Finding Will Sharpe

After his latest hit role as a conflicted tech bro holidaying in Sicily in The White Lotus, the world has woken up to Will Sharpe’s singular talent and creative vision.

Will Sharpe’s turn in season two of The White Lotus, the critically acclaimed HBO show set in Sicily that captivated audiences last year, made him a global star. It didn’t, however, come close to revealing the extent of his talents, not only as an actor but also as a scriptwriter, director and all-round cultural force.

The 36-year-old, who was born in London but spent his early years in Tokyo, read classics at Cambridge before joining the prestigious Royal Shakespeare Company in 2008. He released his first feature-length film, Black Pond, in 2011, and his BBC black-comedy Flowers, which starred Olivia Colman and Julian Barratt and tackled mental illness, was nominated for a BAFTA in 2017.

While Sharpe’s on-screen characters have been riddled with internal conflicts – a newly rich tech bro with insecurities about his wife’s fidelity and his own masculinity in The White Lotus, a charming but drug-addicted sex worker in Giri/Haji, an illustrator attempting to hold others together while falling apart himself in Flowers, in real life, he comes across as a considered and self-assured polymath who’s been quietly coming up the inside lane.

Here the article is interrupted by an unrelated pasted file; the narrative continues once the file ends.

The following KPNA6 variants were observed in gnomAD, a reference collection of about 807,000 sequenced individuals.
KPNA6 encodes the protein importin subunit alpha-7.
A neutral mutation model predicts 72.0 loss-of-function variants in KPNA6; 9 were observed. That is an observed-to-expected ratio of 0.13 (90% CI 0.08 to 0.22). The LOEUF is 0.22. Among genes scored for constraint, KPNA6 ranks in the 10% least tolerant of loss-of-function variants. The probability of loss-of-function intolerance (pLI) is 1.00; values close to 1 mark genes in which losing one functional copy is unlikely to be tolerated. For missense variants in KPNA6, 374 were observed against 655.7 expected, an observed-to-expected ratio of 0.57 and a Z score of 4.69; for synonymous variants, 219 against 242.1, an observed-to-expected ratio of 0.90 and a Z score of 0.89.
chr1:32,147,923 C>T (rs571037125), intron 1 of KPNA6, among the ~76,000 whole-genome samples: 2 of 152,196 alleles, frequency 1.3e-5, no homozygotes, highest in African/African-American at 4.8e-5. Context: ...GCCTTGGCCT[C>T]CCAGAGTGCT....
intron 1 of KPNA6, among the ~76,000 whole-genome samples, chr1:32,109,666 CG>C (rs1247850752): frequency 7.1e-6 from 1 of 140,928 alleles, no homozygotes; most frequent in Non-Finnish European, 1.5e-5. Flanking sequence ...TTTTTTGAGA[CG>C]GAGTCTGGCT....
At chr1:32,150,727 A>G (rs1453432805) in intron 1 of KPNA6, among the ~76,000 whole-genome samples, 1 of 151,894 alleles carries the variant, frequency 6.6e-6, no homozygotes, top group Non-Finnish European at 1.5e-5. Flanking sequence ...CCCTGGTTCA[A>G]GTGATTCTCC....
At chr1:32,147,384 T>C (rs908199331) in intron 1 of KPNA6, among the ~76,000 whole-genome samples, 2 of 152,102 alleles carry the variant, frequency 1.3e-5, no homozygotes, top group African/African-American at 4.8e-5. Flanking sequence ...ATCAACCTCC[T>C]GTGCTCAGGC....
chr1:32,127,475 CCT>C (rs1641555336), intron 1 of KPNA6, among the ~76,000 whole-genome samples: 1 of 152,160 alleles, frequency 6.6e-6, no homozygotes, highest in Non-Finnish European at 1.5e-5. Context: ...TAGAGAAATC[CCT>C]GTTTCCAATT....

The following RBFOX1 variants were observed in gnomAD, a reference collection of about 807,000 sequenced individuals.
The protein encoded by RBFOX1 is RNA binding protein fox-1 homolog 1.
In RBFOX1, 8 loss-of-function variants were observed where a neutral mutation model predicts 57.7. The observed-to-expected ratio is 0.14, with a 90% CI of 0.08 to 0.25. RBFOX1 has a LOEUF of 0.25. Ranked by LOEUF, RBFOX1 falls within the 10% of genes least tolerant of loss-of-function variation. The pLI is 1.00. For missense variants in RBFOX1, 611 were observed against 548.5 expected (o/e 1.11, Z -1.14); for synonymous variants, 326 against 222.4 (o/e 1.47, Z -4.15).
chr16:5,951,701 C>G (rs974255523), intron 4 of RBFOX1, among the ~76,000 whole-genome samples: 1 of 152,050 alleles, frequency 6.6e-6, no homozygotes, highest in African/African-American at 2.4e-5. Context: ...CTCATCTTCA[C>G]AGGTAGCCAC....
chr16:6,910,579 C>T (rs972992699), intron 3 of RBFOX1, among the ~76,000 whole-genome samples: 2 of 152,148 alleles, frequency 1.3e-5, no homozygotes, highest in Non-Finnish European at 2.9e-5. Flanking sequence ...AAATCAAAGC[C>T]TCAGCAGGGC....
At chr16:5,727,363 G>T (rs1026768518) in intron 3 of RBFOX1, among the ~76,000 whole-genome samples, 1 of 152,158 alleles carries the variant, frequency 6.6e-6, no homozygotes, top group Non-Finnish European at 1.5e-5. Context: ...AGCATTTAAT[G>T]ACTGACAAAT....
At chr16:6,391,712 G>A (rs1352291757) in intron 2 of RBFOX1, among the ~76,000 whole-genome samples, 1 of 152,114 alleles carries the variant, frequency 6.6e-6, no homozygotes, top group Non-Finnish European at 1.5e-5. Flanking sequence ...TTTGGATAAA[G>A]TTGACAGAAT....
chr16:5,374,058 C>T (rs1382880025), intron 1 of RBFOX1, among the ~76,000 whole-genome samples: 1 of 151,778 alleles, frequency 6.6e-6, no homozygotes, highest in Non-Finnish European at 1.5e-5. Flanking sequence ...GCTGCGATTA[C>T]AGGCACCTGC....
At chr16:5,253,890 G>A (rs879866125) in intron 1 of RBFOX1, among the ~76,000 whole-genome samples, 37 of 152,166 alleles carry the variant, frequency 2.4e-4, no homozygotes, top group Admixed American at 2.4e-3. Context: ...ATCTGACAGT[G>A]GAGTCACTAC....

JESSICA BERESFORD How do you think growing up between London and Tokyo has influenced your career as a storyteller?

WILL SHARPE Like a lot of people who are mixed race or have grown up in different countries, it’s like you don’t feel completely at home anywhere in the world. In England, I feel like a Japanese version of an English person, and in Japan, I definitely feel like a Western version of a Japanese guy. I remember moving to England from Japan as a kid and trying to assimilate and learn the slight differences in culture – the way people communicate and the social rules. It does give you a different perspective on where you are and maybe a slightly alien view. When I go back to Japan, there’s a layer of nostalgia that is unlocked, and that’s not available to me in the U.K.

J.B. How do you think comedy differs between the U.K. and Japan?

W.S. A lot of the comedy in Japan, I remember, was very surreal, and the performance style was very heightened, or even the premise of a sketch can just